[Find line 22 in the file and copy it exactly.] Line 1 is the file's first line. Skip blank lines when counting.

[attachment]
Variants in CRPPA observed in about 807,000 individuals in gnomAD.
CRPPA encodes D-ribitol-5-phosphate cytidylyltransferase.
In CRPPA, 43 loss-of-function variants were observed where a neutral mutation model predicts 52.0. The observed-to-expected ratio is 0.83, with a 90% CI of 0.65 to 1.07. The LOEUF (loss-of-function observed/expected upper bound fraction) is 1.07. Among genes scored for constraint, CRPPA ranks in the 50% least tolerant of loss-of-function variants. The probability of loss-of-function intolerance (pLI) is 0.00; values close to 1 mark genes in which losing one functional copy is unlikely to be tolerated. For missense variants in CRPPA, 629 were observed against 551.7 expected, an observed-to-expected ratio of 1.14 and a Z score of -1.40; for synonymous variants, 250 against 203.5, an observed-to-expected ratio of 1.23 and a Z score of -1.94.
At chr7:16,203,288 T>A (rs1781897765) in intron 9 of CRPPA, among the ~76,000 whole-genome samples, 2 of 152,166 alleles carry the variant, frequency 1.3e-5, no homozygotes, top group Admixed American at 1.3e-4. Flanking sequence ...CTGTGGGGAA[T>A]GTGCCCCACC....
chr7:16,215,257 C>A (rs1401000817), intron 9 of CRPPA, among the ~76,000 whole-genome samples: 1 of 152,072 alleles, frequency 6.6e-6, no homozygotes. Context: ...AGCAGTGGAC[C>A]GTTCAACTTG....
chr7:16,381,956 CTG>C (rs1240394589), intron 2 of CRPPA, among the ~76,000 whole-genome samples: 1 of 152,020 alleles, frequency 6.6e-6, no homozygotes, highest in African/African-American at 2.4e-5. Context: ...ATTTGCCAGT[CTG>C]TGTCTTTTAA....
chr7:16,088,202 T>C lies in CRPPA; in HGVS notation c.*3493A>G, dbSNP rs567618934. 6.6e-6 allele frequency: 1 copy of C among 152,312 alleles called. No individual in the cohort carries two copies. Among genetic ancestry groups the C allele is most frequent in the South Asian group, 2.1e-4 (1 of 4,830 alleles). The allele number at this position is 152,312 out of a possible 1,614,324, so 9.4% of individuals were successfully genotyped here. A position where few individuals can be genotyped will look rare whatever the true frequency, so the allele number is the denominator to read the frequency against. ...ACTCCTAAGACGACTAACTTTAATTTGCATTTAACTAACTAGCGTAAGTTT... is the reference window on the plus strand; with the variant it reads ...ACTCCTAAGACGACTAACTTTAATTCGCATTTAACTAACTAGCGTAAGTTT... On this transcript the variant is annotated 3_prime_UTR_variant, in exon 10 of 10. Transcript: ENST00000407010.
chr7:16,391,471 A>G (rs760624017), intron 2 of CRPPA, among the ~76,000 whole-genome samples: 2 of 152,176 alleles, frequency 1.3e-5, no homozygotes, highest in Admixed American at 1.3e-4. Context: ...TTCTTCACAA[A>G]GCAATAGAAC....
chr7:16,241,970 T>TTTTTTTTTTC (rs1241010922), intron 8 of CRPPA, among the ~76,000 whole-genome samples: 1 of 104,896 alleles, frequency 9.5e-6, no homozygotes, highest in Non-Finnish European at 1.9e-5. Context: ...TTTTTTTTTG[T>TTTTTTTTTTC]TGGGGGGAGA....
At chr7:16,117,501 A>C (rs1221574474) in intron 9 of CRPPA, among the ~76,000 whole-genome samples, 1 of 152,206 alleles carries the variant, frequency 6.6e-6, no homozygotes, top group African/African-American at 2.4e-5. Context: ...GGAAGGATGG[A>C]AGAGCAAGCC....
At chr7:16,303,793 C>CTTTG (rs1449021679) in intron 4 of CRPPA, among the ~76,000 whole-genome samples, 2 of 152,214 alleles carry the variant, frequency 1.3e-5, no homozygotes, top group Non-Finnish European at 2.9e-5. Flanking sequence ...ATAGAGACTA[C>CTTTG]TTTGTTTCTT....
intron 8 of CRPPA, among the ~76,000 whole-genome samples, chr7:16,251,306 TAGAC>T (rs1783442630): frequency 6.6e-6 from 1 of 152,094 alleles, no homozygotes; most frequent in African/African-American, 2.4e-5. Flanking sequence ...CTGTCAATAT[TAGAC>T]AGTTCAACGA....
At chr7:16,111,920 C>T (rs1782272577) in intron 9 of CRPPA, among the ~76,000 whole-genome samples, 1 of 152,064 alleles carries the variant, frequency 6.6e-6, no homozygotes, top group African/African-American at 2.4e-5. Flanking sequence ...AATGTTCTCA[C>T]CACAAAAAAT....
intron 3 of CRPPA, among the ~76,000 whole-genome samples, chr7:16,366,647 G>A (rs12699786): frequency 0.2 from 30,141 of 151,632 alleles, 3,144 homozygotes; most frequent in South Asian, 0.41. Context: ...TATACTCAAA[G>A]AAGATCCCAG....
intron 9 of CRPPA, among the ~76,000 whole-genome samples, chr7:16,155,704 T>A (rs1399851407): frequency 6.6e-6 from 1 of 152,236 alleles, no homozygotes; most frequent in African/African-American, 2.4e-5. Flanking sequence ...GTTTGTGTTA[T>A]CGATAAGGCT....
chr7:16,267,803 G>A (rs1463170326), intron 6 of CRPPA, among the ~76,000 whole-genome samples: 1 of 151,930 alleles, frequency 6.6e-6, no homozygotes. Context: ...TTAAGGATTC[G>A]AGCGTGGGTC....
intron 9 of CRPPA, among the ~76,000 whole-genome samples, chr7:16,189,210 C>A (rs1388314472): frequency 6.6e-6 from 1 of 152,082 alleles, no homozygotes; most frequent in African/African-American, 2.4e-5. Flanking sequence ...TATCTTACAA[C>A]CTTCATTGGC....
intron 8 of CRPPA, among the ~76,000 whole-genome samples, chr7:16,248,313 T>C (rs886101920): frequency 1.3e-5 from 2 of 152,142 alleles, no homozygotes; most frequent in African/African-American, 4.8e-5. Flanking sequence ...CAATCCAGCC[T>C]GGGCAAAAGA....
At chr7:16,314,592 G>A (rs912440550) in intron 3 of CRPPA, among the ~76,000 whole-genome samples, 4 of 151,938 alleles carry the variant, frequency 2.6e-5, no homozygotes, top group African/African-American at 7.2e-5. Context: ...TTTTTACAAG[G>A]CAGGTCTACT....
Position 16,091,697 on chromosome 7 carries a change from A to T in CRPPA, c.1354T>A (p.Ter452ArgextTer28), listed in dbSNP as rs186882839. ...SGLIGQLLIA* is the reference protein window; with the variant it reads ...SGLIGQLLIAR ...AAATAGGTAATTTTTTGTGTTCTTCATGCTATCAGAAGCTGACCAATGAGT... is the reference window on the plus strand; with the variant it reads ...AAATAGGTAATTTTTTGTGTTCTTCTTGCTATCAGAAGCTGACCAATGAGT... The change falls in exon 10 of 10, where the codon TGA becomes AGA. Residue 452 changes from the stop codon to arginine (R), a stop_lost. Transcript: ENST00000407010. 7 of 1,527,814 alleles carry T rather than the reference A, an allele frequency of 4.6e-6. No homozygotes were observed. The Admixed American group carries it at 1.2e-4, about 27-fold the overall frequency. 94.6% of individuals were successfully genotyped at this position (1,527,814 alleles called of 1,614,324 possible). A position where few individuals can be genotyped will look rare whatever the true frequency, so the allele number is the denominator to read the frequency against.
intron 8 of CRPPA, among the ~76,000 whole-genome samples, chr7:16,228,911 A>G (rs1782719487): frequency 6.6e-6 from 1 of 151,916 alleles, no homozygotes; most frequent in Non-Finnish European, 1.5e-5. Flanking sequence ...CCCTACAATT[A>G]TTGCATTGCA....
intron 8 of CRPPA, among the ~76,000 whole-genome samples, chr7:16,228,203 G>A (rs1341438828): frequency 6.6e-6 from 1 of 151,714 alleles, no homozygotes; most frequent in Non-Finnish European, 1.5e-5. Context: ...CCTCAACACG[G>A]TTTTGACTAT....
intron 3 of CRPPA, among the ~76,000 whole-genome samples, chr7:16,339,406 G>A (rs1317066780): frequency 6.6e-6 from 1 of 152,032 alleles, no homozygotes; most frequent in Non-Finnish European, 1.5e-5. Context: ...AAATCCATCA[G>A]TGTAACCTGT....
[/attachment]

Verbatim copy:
intron 8 of CRPPA, among the ~76,000 whole-genome samples, chr7:16,228,203 G>A (rs1341438828): frequency 6.6e-6 from 1 of 151,714 alleles, no homozygotes; most frequent in Non-Finnish European, 1.5e-5. Context: ...CCTCAACACG[G>A]TTTTGACTAT....